Recently I’ve tried to stop being a recluse and meet more photographers and generally be a more social person. I’ve always thought that the differences between average and great photographers is more complicated than who has the “most talent” – what matters more is how one approaches their craft. And I must say, the more photographers I get to talk with, the more I think this is indeed the case.
Too much positivity won’t help your art
I can’t help but notice a pattern in how photographers of different skill levels approach their craft.
Great photographers can analyze and find faults and patterns in every picture they see. They will not be easy to please or impress, whether it’s by other’s work or their own.
In contrast, average photographers are much easier to impress, love trading compliments, and are generally very pleasant people to hang out with… but their work is usually nothing special. (Ever notice how the most popular photography-Youtubers aren’t actually that good at photography, but instead have amazing on-screen personalities?)
Of course, the above is a sweeping generalization, but please hear me out before getting your jimmies rustled.
Optimists and Pessimists
It’s often said there are two kinds of people, optimists and pessimists. The way I think this adapts to photography is that “optimists” find everything beautiful, which makes them more likely to pick up a camera and take a photo in the first place. In contrast, pessimists dislike most things they see and are often their own worst critics. Most of the time they won’t pick up a camera at all, or if they do, they’ll never feel like their work is good enough to even be shared. But if they do end up sharing their stuff eventually, perhaps due to pressure from friends that have seen glimpses of it – well, the work that a pessimistic photographer shares often ends up being many levels above the norm.
Personally, I was very much an optimist especially when I started out, and it definitely did me no favors.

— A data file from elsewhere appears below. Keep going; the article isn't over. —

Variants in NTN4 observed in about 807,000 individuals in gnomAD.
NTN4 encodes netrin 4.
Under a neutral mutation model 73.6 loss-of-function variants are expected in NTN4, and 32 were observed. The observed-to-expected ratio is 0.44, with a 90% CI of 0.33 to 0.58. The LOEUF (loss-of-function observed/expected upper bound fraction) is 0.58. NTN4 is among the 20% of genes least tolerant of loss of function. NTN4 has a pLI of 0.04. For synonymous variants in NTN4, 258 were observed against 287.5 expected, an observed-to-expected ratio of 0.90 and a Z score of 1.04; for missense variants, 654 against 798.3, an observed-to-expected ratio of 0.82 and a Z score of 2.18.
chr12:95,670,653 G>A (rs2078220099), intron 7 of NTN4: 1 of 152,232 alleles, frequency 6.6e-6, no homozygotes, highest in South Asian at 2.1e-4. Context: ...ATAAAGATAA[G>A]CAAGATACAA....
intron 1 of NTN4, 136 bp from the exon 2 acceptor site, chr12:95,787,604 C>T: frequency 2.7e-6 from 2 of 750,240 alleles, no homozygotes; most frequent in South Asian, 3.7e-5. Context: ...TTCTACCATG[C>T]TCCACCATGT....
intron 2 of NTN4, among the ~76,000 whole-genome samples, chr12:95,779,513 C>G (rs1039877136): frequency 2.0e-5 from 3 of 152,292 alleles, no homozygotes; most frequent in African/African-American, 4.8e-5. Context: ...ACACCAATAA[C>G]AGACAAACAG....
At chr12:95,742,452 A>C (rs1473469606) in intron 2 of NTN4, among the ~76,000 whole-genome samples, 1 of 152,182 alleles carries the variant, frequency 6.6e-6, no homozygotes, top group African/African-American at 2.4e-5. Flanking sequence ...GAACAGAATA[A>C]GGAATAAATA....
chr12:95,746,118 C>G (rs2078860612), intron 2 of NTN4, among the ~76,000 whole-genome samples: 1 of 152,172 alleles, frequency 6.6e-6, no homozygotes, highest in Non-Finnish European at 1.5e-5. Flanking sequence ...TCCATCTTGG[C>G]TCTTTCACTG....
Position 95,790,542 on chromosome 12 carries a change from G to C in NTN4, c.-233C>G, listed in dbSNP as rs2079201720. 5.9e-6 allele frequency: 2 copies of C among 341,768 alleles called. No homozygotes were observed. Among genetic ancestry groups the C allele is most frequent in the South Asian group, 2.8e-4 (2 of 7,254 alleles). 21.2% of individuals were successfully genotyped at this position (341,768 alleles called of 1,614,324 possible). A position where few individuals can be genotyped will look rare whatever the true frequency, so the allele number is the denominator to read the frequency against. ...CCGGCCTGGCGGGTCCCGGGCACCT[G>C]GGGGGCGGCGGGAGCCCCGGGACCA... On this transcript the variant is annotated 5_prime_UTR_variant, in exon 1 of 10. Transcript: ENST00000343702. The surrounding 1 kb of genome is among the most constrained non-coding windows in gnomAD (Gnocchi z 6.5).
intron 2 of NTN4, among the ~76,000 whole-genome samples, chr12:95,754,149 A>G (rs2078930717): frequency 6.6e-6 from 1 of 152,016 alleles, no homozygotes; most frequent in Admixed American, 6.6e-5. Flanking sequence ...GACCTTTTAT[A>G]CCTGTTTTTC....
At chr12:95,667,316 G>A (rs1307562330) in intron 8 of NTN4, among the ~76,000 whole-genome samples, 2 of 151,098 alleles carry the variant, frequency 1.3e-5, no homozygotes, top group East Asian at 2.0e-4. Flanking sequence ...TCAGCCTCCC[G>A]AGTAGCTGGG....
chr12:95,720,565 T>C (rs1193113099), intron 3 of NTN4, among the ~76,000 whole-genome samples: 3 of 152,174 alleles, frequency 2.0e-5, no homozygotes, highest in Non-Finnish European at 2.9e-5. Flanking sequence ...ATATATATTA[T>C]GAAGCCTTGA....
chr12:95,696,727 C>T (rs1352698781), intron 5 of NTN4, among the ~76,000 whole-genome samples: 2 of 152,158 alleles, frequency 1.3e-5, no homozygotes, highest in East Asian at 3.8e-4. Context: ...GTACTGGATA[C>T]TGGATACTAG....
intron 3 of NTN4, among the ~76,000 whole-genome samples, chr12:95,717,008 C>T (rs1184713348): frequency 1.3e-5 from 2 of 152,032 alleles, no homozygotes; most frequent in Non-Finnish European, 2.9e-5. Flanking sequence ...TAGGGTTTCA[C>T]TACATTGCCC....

The point I’m trying to make is that harsh self-criticism is a necessary part if you wish to stand out as a photographer or any sort of artist. Pessimists will rarely be satisfied by their work, so they’ll keep improving week after week, year after year. Especially if this pessimism is coupled with sort of an obsessive personality. Pessimists will see most work for what it is, mediocre, and they’ll hate their own work for a long time until they slowly start becoming so good that even their own pessimistic tendencies have to admit that maybe they’ve actually succeeded for once.
So if you are serious about becoming good at photography but recognize yourself as an optimist and perhaps haven’t been getting the success you feel you deserve, my advice would be this:
Stop participating in Instagram engagement groups filled with mediocre photographers giving each other compliments.
Stop blaming social media algorithms for your lack of success on the platforms and figure out how you can make your work undeniably good.
Stop trading compliments with friends just so you can feel good and receive unearned compliments in return.
And most importantly, stop thinking of yourself as some sort of an undiscovered genius and start becoming your own worst critic.
Of course, being too pessimistic and depressed isn’t good either, because you’ll get discouraged and won’t do anything at all. So if you area already a pessimist to start with, please do not take the advice above – you might need to do the exact opposite. Again, I’m a natural optimist, so I write this from my own perspective as a reminder to myself and people like me.
Have you noticed how often the best artists also tend to struggle with depression? The trait that makes them overly critical of themselves and their art is otherwise not a very good attitude to go through life with. I’m of course not a psychologist so I imagine this is more complicated than that, but if we assume that there’s some truth to it, we can at least learn from it. What I mean is that if you’re normally a positive person, but want to improve your photography, you should adopt a pessimist’s attitude when it comes to photography (or any art) – but live the rest of your life like an optimist.
Regarding criticism from others, I think you should still be partial to listening to other people’s feedback. Negative feedback is not always constructive or even accurate, so it can be dangerous listening to, say, random Reddit comments. You have to become your own worst critic, according to your own tastes. If you want feedback from others, it’s only worth anything if the feedback comes from people who actually know what they’re talking about, people who’s taste you trust. I wrote more about this point in another article, how to know if your work is actually good.
And finally, I’ll leave you with this meme. Regardless of everything else, if you had to bet, who do you think would be a better photographer out of these two?